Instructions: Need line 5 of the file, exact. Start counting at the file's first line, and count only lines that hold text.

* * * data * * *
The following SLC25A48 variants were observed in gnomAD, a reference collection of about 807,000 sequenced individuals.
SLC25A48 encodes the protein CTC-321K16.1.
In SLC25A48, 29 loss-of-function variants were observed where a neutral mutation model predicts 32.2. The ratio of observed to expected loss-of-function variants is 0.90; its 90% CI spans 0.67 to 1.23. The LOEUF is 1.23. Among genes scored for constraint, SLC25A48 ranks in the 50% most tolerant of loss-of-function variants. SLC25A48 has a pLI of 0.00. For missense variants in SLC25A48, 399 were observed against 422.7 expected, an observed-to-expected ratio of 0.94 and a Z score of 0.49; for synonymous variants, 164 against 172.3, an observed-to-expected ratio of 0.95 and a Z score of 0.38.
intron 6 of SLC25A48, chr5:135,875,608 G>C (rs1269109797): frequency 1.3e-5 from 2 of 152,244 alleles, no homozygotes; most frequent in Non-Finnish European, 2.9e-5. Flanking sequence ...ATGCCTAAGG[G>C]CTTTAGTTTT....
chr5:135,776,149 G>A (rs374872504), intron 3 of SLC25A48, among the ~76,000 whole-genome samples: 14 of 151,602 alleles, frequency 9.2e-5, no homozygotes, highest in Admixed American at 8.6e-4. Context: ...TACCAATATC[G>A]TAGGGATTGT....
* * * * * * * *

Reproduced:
chr5:135,776,149 G>A (rs374872504), intron 3 of SLC25A48, among the ~76,000 whole-genome samples: 14 of 151,602 alleles, frequency 9.2e-5, no homozygotes, highest in Admixed American at 8.6e-4. Context: ...TACCAATATC[G>A]TAGGGATTGT....